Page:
We found that, as a group, farmers did not gain from being better informed. On average, informed farmers sold the same quantity as uninformed farmers and received the same price. Providing information, however, did increase pass-through, which rose from 2% to between 10% and 20%. Farmers’ earnings fell as a result of better information in low-price markets and rose in high-price markets, resulting in no net average effect (Figure 2).
Figure 2 Farm prices compared to market prices
Source: Mitra et al. (2017).
Farmers’ problem was lack of competition, not lack of information
We argue that these empirical results are consistent with a model in which farmers and traders bargain at the time of sale, and village traders collude among themselves, but compete with market traders outside the village. This allows village traders to make price offers that drive farmers to their outside option of selling to market traders. Our theoretical model explains why traders find it profitable to coordinate on a price offer strategy which does not reveal their private information about the wholesale price. In this situation, when farmers receive price information, they update their beliefs about the wholesale price and village traders respond accordingly. If farmers learn that the wholesale price is higher than they expected, they also expect to receive a higher price if they took their crop out of the village to sell to a market trader, and so village traders raise their offer. If instead farmers learn that the wholesale price is lower than they expected, village traders can lower their price offer. This can explain why the volatility of farmers’ earnings increased in our study, while mean earnings remained unchanged.
These findings allow us to rule out alternative theories about how farmers and traders contract with each other. For example, if traders provided farmers with insurance against price risk, the information intervention would have increased the quantity that farmers sold to traders in low-price markets. Instead, we found the opposite. If middlemen margins were the result of the high costs for farmers of searching for buyers, the intervention should have lowered price dispersion within and across villages. We found no such effect.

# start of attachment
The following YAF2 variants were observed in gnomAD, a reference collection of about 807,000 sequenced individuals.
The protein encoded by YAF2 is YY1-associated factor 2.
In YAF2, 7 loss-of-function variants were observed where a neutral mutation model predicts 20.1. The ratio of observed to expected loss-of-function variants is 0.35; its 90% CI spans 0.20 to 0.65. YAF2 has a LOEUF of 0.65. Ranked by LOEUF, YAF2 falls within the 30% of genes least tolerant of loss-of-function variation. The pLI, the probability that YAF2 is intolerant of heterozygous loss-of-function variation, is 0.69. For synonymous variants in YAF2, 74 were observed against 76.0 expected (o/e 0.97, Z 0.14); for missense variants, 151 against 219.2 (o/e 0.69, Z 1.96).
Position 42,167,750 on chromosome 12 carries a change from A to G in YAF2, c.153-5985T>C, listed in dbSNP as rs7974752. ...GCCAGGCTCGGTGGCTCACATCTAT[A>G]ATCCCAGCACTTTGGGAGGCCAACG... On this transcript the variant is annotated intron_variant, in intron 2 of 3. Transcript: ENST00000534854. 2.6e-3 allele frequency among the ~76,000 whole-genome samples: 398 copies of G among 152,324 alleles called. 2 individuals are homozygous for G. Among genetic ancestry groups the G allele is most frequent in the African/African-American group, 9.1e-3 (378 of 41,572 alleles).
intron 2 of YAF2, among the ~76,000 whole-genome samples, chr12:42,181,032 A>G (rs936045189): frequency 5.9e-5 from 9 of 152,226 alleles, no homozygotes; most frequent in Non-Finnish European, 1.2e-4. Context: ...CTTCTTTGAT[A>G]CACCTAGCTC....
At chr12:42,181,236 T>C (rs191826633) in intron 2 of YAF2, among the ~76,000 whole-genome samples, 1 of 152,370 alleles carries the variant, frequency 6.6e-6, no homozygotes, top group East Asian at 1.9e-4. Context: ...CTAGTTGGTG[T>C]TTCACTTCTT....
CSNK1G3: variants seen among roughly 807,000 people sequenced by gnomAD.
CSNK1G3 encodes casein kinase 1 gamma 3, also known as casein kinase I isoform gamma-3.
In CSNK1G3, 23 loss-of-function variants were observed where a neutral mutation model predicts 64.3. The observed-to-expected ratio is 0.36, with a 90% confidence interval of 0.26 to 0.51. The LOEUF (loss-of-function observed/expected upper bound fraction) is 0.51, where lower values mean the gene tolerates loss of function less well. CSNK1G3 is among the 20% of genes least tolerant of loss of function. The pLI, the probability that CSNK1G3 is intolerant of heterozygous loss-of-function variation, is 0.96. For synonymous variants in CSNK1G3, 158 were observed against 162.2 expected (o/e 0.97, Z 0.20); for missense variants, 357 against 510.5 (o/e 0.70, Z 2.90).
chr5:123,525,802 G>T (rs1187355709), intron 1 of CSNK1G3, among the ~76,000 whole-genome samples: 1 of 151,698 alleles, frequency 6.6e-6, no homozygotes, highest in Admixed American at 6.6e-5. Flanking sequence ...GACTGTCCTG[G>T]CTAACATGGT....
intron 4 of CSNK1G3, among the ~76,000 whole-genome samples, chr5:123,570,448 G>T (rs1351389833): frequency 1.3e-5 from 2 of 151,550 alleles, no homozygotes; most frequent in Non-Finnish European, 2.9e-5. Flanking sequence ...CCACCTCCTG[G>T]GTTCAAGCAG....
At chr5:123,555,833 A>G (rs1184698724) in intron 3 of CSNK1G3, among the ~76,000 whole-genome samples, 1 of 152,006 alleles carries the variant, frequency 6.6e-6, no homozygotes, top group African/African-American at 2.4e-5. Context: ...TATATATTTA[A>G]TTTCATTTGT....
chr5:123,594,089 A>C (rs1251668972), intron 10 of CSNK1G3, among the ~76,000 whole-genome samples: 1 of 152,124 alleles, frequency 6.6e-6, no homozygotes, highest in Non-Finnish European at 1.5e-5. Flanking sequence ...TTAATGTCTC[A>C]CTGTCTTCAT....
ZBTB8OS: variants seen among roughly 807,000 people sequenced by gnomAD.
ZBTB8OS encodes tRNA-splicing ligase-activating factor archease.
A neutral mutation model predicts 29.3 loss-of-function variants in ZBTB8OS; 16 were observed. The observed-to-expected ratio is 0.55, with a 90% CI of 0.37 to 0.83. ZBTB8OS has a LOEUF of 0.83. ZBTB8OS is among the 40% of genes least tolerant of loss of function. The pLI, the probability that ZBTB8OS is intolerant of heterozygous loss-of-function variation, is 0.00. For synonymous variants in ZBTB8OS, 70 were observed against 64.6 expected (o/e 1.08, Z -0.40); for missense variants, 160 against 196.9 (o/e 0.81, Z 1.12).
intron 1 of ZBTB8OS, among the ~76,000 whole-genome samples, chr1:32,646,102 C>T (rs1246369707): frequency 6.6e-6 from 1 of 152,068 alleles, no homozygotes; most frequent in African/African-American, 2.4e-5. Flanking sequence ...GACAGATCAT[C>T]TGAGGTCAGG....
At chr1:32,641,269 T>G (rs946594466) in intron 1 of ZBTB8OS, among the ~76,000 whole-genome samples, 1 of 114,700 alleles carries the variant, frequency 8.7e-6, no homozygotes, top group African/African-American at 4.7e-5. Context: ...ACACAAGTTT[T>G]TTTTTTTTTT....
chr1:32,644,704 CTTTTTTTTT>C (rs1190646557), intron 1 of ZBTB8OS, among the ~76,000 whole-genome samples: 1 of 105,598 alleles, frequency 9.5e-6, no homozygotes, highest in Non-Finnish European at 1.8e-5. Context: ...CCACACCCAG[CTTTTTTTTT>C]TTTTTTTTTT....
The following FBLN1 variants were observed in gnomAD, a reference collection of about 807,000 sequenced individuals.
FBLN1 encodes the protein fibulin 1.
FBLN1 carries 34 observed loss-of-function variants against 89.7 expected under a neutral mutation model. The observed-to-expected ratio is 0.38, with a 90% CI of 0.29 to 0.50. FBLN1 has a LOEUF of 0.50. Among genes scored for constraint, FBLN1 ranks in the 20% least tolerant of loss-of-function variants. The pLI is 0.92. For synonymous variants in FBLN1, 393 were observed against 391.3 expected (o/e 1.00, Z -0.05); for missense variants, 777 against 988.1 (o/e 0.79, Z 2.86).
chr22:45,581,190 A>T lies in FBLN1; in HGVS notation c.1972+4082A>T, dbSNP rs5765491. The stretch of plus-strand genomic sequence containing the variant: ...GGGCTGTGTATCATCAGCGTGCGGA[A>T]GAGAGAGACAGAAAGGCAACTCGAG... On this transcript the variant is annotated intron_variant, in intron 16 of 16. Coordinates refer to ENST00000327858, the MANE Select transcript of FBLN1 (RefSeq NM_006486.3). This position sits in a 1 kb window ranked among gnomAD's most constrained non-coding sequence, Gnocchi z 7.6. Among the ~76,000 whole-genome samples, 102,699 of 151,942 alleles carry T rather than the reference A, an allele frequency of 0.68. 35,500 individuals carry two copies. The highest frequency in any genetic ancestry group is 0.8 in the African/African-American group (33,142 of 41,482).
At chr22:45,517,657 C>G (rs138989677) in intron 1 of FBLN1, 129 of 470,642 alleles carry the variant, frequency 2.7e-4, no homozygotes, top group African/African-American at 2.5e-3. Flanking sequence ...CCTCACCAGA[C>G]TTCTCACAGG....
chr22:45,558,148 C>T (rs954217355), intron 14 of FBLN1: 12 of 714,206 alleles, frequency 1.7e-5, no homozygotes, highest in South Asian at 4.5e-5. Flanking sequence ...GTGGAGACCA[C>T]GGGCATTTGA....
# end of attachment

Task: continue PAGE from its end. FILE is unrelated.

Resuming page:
Instead, our results point to different imperfections. Farmers have limited access to wholesale buyers, and middlemen can collude to squeeze their returns. Although the spread of information technology has made it relatively inexpensive to relay price information, our research indicates that, in this context, information interventions are unlikely to benefit farmers. Instead, measures that increase competition among buyers are more likely to be effective. Such measures could include improving the ability of farmers to transact directly with wholesale buyers, or encouraging external competition with local traders. A host of agricultural marketing regulations in West Bengal currently limit this competition, and it is not surprising that traders and their political lobbies have resisted any efforts at reform.
Atkin, D and D Donaldson (2016), “Who’s Getting Globalized? The Size and Implications of Intranational Trade Costs”, Yale University and MIT Department of Economics Working Paper.
Fafchamps, M and R Hill (2008), “Price Transmission and Trader Entry in Domestic Commodity Markets”, Economic Development and Cultural Change 56:724-766.
McMillan, M, D Rodrik and K Welch (2002), “When Economic Reform Goes Wrong: Cashews in Mozambique.” NBER Working Paper Number 9117.
Mitra S, D Mookherjee, M Torero and S Visaria (2017), “Asymmetric Information and Middleman Margins: An Experiment with Indian Potato Farmers”, CEPR Discussion Paper 11548 (forthcoming, Review of Economics and Statistics).
Weyl, E G and M Fabinger (2013), “Pass-through as an Economic Tool: Principles of Incidence under Imperfect Competition”, The Journal of Political Economy 121(3): 528-585.
This article originally appeared on VoxDev on August 21, 2017.
(Photo credit: M. DeFreese/CIMMYT via Creative Commons)